C corporations and S corporations share many of the same characteristics. They are both distinct legal entities that offer asset protection. Although they are similar, there are several important differences. These differences alter business formats, regulatory requirements, and tax obligations. In fact, choosing between the two for your business formation will change how you do business for years to come, so it is not a decision to take lightly. Instead, you should be aware of the differences so you can evaluate which choice is the best option for your company.
C corporations have far fewer restrictions on who can be an owner of the company. For example, partnerships, limited liability companies (LLCs), and even other corporations can own shares of a C corporation. By comparison, only individuals can own shares in an S corporation, and those individuals must be U.S. citizens or resident aliens. S corporations also have a maximum of 100 shareholders while no such restriction is imposed upon a C corporation.
Perhaps the most well-known difference between an S Corp and a C corp is how they are treated from a tax standpoint. An S corp is a “pass-through” tax entity, while a C corp has its own tax rate. While both entities will still report their profits and losses to the IRS, only the C corp has a tax rate that differs from the individual shareholders’ tax rates. The C corporation pays its own taxes, and then the shareholders pay taxes on their income from dividends. This “double taxation” often makes C corporations less appealing than S corporations for many smaller businesses.
Both S corps and C corporations have stocks. However, only a C corporation can have multiple classes of shares. C corps can have shared with or without voting rights or with differing levels of voting rights while the S corp stockholders will all have the same rights to vote. The same can be said about levels of dividends or preferences – all shareholders are equal in an S corp, but that may not be true for a C corporation.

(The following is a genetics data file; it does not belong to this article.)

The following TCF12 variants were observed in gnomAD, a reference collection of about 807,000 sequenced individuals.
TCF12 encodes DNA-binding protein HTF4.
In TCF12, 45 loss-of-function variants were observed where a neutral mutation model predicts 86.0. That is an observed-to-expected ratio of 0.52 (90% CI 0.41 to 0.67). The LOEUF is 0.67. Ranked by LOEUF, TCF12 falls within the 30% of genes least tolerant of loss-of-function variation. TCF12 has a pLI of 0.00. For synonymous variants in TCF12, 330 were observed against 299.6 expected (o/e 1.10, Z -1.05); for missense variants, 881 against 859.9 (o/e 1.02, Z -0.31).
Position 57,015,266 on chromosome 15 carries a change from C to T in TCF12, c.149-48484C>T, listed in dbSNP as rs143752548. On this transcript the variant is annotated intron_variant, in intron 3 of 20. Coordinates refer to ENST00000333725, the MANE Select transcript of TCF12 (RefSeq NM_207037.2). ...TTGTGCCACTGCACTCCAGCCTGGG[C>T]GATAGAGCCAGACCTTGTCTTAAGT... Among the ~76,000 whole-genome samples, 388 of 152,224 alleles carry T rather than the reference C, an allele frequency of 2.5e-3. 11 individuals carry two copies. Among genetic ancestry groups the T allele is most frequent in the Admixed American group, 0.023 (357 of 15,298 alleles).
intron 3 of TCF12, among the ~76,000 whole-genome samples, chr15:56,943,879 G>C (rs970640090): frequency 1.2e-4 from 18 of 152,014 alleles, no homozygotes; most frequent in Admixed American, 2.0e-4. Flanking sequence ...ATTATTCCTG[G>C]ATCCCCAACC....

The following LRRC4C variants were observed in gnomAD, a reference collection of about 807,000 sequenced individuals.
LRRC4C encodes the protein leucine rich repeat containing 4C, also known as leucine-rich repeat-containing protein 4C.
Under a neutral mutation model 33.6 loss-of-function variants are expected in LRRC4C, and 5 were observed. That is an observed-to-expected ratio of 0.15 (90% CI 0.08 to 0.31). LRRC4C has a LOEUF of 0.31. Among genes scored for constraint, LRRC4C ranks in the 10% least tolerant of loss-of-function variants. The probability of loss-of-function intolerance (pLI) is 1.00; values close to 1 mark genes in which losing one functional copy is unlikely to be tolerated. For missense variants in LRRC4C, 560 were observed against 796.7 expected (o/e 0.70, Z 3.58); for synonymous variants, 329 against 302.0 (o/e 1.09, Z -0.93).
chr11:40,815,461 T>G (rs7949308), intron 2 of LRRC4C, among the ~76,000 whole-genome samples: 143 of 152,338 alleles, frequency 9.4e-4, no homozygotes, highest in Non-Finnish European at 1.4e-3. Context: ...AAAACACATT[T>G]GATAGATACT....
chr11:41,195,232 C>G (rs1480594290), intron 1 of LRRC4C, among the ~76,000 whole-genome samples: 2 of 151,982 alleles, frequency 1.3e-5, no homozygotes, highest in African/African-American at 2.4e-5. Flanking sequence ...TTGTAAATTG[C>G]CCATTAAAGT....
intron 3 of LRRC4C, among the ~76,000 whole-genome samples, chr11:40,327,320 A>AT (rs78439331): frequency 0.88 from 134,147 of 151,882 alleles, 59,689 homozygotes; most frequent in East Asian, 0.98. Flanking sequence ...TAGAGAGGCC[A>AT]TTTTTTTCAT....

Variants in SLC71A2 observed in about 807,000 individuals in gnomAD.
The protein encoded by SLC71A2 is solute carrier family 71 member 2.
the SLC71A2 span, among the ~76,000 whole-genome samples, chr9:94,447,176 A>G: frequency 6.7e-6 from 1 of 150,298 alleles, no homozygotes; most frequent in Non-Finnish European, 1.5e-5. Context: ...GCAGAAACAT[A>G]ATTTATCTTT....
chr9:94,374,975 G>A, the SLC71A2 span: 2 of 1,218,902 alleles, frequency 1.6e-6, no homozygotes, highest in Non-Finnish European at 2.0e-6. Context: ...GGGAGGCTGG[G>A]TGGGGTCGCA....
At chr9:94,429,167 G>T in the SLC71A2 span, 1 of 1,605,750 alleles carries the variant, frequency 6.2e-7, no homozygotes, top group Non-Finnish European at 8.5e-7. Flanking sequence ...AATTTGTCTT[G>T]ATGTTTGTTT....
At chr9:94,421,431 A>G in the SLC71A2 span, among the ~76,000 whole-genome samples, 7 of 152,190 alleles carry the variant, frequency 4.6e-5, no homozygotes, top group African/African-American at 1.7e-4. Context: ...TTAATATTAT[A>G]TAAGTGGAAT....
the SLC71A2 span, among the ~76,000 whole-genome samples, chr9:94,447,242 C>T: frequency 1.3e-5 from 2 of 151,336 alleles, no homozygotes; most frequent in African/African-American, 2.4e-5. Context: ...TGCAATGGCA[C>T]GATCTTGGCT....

An S corporation’s fiscal year always ends on December 31, along with the regular tax season for an individual. A-C corp, on the other hand, can create its own fiscal year and file taxes according to its own calendar. This difference is helpful for certain businesses that may have seasonal variations in demand.
Benefits provided to employees, such as health insurance, can be deducted in a C corp. Shareholders that work for the C corp do not have to pay taxes on these benefits that they receive – as long as the benefits are offered to at least 70 percent of the employees. However, in an S corp, anyone that owns more than two percent of the company cannot deduct fringe benefits from their taxes.
Choosing the right corporate structure is important for the future of your business and asset protection planning. Even if you have already made your decision, you can easily change from one asset protection corporation form to another by filling out a simple form. You can use our resources to determine which business formation is right for your business. Sign up for a free membership.